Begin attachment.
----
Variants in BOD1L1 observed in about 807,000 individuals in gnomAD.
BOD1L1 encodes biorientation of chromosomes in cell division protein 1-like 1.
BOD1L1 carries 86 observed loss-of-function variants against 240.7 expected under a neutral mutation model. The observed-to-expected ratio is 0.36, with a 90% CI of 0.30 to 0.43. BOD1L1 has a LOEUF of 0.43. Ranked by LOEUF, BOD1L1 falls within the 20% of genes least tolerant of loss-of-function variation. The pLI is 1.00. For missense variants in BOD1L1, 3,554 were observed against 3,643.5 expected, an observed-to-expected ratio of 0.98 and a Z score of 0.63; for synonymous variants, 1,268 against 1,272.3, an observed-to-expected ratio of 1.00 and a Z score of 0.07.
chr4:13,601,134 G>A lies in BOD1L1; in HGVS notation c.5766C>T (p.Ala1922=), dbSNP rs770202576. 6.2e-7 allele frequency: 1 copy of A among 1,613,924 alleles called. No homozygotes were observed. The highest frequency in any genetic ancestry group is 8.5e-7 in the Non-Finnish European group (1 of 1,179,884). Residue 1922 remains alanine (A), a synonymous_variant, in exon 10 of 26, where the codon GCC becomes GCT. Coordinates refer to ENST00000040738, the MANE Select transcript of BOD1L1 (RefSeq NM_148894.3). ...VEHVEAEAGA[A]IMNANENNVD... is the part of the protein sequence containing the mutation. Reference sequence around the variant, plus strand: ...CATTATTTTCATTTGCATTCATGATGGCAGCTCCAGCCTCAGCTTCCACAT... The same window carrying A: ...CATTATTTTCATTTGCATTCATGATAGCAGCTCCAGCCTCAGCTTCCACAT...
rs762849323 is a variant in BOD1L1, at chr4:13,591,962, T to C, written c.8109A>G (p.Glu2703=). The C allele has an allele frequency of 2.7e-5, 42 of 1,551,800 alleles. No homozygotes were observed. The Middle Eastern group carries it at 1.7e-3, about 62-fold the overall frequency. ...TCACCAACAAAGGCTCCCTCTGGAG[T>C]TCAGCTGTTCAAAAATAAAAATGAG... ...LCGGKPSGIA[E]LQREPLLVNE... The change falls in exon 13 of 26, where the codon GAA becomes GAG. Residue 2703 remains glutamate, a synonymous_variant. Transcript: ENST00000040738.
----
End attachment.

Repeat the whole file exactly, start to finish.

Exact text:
Variants in BOD1L1 observed in about 807,000 individuals in gnomAD.
BOD1L1 encodes biorientation of chromosomes in cell division protein 1-like 1.
BOD1L1 carries 86 observed loss-of-function variants against 240.7 expected under a neutral mutation model. The observed-to-expected ratio is 0.36, with a 90% CI of 0.30 to 0.43. BOD1L1 has a LOEUF of 0.43. Ranked by LOEUF, BOD1L1 falls within the 20% of genes least tolerant of loss-of-function variation. The pLI is 1.00. For missense variants in BOD1L1, 3,554 were observed against 3,643.5 expected, an observed-to-expected ratio of 0.98 and a Z score of 0.63; for synonymous variants, 1,268 against 1,272.3, an observed-to-expected ratio of 1.00 and a Z score of 0.07.
chr4:13,601,134 G>A lies in BOD1L1; in HGVS notation c.5766C>T (p.Ala1922=), dbSNP rs770202576. 6.2e-7 allele frequency: 1 copy of A among 1,613,924 alleles called. No homozygotes were observed. The highest frequency in any genetic ancestry group is 8.5e-7 in the Non-Finnish European group (1 of 1,179,884). Residue 1922 remains alanine (A), a synonymous_variant, in exon 10 of 26, where the codon GCC becomes GCT. Coordinates refer to ENST00000040738, the MANE Select transcript of BOD1L1 (RefSeq NM_148894.3). ...VEHVEAEAGA[A]IMNANENNVD... is the part of the protein sequence containing the mutation. Reference sequence around the variant, plus strand: ...CATTATTTTCATTTGCATTCATGATGGCAGCTCCAGCCTCAGCTTCCACAT... The same window carrying A: ...CATTATTTTCATTTGCATTCATGATAGCAGCTCCAGCCTCAGCTTCCACAT...
rs762849323 is a variant in BOD1L1, at chr4:13,591,962, T to C, written c.8109A>G (p.Glu2703=). The C allele has an allele frequency of 2.7e-5, 42 of 1,551,800 alleles. No homozygotes were observed. The Middle Eastern group carries it at 1.7e-3, about 62-fold the overall frequency. ...TCACCAACAAAGGCTCCCTCTGGAG[T>C]TCAGCTGTTCAAAAATAAAAATGAG... ...LCGGKPSGIA[E]LQREPLLVNE... The change falls in exon 13 of 26, where the codon GAA becomes GAG. Residue 2703 remains glutamate, a synonymous_variant. Transcript: ENST00000040738.